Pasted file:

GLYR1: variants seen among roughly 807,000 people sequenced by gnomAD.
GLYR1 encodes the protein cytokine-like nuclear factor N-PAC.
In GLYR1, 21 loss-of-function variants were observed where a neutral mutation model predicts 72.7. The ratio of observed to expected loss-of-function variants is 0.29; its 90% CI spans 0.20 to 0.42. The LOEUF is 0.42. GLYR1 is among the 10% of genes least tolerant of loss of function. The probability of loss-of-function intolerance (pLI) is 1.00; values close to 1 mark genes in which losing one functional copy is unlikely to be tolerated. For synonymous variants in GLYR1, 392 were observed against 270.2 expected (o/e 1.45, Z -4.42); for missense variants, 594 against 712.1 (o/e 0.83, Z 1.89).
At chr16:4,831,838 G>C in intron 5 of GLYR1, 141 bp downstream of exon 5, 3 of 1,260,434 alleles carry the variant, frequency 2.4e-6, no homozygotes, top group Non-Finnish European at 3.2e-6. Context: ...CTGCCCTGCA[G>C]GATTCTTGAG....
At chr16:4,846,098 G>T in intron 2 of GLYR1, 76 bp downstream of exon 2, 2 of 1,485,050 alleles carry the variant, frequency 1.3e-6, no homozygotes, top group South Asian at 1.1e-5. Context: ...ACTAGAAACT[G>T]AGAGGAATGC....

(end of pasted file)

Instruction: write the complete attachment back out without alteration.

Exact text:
GLYR1: variants seen among roughly 807,000 people sequenced by gnomAD.
GLYR1 encodes the protein cytokine-like nuclear factor N-PAC.
In GLYR1, 21 loss-of-function variants were observed where a neutral mutation model predicts 72.7. The ratio of observed to expected loss-of-function variants is 0.29; its 90% CI spans 0.20 to 0.42. The LOEUF is 0.42. GLYR1 is among the 10% of genes least tolerant of loss of function. The probability of loss-of-function intolerance (pLI) is 1.00; values close to 1 mark genes in which losing one functional copy is unlikely to be tolerated. For synonymous variants in GLYR1, 392 were observed against 270.2 expected (o/e 1.45, Z -4.42); for missense variants, 594 against 712.1 (o/e 0.83, Z 1.89).
At chr16:4,831,838 G>C in intron 5 of GLYR1, 141 bp downstream of exon 5, 3 of 1,260,434 alleles carry the variant, frequency 2.4e-6, no homozygotes, top group Non-Finnish European at 3.2e-6. Context: ...CTGCCCTGCA[G>C]GATTCTTGAG....
At chr16:4,846,098 G>T in intron 2 of GLYR1, 76 bp downstream of exon 2, 2 of 1,485,050 alleles carry the variant, frequency 1.3e-6, no homozygotes, top group South Asian at 1.1e-5. Context: ...ACTAGAAACT[G>T]AGAGGAATGC....